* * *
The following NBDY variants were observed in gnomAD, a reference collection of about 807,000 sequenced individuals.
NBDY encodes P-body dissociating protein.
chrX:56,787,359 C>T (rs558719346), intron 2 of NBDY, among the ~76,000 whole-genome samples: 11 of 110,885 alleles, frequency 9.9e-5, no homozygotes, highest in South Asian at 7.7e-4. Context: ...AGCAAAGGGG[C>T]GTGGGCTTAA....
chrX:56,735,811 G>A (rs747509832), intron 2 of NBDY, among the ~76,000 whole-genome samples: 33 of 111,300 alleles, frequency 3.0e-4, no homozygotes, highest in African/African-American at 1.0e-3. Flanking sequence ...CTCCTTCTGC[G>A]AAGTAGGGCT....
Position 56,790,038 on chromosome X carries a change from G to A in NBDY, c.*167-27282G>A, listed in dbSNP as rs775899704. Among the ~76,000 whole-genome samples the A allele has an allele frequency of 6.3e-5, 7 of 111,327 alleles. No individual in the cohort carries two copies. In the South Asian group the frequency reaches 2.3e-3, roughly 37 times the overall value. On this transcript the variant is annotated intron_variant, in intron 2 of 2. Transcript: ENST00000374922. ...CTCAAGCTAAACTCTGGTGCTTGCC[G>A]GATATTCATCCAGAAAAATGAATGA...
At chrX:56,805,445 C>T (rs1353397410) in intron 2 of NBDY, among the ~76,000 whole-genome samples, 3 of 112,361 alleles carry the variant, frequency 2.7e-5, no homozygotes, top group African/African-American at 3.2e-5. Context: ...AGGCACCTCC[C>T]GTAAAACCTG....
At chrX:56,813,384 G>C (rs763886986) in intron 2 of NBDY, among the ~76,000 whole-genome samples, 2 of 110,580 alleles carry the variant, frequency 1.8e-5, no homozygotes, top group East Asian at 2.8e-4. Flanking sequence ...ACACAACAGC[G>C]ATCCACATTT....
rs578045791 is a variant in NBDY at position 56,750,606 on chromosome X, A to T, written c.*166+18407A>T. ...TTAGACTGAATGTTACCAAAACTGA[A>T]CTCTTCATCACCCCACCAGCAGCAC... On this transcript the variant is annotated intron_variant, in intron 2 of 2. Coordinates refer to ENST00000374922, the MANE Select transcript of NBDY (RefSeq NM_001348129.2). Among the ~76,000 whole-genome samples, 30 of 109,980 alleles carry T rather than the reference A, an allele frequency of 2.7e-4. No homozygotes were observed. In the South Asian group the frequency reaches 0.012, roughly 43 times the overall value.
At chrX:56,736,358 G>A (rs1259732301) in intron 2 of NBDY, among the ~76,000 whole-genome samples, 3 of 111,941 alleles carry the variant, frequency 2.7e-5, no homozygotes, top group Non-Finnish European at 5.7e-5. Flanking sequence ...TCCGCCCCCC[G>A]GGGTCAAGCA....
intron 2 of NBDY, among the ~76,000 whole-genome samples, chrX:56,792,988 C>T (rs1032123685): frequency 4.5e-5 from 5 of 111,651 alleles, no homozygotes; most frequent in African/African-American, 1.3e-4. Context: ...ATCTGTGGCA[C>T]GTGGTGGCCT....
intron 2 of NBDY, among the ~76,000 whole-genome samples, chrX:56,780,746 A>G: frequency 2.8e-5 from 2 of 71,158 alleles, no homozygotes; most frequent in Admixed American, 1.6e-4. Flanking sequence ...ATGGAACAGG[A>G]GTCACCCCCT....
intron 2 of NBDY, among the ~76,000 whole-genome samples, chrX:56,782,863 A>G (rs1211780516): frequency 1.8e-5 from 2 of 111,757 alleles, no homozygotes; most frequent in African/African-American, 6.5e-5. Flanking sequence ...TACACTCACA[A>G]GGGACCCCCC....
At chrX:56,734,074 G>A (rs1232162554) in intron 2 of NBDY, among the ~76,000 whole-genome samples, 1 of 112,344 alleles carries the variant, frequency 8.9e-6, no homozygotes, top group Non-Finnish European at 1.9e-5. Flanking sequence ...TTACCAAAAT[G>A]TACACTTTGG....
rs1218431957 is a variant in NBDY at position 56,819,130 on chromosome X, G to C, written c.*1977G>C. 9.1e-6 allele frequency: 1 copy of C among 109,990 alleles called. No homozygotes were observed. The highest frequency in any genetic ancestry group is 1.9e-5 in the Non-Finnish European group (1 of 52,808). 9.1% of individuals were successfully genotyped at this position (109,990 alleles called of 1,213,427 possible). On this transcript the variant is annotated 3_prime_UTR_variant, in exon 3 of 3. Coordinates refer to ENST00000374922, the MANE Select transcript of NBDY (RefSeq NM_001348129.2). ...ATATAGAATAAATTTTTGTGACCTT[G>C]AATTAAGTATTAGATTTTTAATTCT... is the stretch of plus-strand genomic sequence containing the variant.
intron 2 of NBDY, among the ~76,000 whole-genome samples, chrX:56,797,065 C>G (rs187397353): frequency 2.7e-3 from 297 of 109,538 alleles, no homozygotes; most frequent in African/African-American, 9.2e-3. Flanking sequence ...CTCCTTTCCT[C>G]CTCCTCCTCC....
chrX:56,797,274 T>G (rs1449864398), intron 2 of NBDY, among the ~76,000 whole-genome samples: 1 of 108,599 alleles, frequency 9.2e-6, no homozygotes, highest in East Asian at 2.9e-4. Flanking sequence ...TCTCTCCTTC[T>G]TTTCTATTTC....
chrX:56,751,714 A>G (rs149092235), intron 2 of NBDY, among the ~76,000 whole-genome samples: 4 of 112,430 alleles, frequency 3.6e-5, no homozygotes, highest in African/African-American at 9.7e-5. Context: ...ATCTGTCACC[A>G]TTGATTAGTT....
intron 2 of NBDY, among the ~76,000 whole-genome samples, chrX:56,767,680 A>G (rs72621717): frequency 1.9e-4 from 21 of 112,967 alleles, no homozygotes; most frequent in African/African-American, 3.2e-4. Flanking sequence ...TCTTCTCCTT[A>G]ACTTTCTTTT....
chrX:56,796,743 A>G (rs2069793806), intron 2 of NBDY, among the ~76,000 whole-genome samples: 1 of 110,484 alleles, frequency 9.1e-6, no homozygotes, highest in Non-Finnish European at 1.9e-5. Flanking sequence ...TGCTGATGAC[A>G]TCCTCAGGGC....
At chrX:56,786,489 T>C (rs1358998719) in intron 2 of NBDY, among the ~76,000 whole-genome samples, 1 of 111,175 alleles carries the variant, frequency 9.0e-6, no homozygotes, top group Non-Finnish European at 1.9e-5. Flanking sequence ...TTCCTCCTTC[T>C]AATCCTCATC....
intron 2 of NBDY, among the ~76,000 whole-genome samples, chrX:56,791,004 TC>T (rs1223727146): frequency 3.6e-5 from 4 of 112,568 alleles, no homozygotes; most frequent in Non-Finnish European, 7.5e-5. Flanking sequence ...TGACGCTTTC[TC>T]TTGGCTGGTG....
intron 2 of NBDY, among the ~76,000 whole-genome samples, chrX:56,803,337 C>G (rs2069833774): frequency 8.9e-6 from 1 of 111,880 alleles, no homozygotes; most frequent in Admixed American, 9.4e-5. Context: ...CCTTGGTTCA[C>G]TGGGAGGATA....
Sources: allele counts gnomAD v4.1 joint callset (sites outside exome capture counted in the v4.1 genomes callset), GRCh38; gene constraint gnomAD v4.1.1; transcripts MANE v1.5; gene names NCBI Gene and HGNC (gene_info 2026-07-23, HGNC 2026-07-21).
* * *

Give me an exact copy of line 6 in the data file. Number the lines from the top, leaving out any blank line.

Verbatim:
At chrX:56,805,445 C>T (rs1353397410) in intron 2 of NBDY, among the ~76,000 whole-genome samples, 3 of 112,361 alleles carry the variant, frequency 2.7e-5, no homozygotes, top group African/African-American at 3.2e-5. Context: ...AGGCACCTCC[C>T]GTAAAACCTG....